Fire Fighting in Canada

Uncategorized Emergency Management
Limerick awaits Ontario’s decision on derecho compensation

February 2, 2023 
By Michael Riley, Local Journalism Initiative Reporter

Victoria Tisdale, the clerk and treasurer in Ontario’s Limerick Township, updated the township council of potential Municipal Disaster Recovery Assistance (MDRA) compensation due to the derecho that hit Limerick in May, 2022 at their meeting on Jan. 16.

She also told them that they’d be taking up the issue of the storm and its aftermath with the Ministry of Northern Development, Mines, Natural Resources and Forestry (MNDMNRF) at the Rural Ontario Municipal Association conference during its Jan. 22 to 24 conference. Council will have an update on these discussions after the ROMA conference.

Tisdale told council at their Jan. 16 meeting that they had gotten an update on the submission they’d made to the MDRA for compensation for derecho damages and the resultant cleanup. In her report to council included in the agenda package, she said that the majority of the items that they’d submitted were approved as eligible.

“They have a few clarifying questions regarding gravel and road conditions prior to the storm. We are working on providing them the documentation they have requested. This is very positive news! We hope this indicates a decision in the near future. As always, I will keep council informed as the information comes in,” she said in her council report.


Widespread damage was caused by the derecho that swept through Limerick Township on May 21, 2022, and both Limerick and Tudor and Cashel Township share a ratepayer whose sizeable acreage is prone to high risk of fire and/or flooding. A shift in the beaver population as well as where they put up their dams was noted due to the damages caused by this storm; fallen trees across waterways. Tisdale noted in her report to council that much of this risk is in areas that are currently inaccessible.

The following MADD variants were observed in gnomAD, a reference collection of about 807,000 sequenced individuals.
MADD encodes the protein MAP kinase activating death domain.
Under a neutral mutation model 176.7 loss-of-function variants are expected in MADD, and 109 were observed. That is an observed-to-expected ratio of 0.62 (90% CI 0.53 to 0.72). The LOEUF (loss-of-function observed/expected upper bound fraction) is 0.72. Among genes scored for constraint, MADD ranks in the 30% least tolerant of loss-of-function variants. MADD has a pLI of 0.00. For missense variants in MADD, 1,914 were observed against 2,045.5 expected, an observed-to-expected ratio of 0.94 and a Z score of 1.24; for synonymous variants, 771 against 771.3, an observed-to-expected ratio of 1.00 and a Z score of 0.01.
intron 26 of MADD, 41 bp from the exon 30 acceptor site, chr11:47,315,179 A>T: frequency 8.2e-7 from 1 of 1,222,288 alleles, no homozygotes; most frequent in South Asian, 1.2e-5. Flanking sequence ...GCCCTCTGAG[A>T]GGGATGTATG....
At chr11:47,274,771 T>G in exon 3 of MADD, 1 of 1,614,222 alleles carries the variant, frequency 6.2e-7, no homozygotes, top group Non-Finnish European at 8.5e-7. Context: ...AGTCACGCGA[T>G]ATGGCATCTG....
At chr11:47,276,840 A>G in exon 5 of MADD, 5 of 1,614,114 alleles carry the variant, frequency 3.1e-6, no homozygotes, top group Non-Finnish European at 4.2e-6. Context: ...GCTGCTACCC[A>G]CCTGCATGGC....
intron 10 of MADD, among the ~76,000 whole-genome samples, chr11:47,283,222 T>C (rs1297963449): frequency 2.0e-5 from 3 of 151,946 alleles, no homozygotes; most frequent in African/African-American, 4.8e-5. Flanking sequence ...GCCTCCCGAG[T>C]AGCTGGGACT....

With the significant damage that Limerick suffered as a result of the derecho, every road was blocked and inaccessible because of fallen trees. Their Roads department worked with loggers and dangerous tree removal companies to rectify this situation and clear the roads and ditches of debris. Much of the damage occurred in the bush, which is inaccessible to the township’s Emergency Services.

Tisdale also said that the township representatives going to ROMA were going to take up the derecho situation and its aftermath with the MNDMNRF and ask them the following questions; is the MNDMNRF aware of the situation in Tudor and Cashel and Limerick and what is the strategic plan of attack that we can pass on to the constituents of these municipalities to address these concerns? Will the MNDMNRF work with property owners that have significant portions of land to maintain to address both fires and flooding? Does the MNDMNRF have a plan to address the potential of flooding due to blocked waterways from both trees and beaver dams that have to be relocated due to fallen trees?

Limerick council will have an update on these discussions with the MNDMNRF about this situation at their February meeting.

Michael Riley is a Local Journalism Initiative Reporter for The Bancroft Times.

Print this page


Stories continue below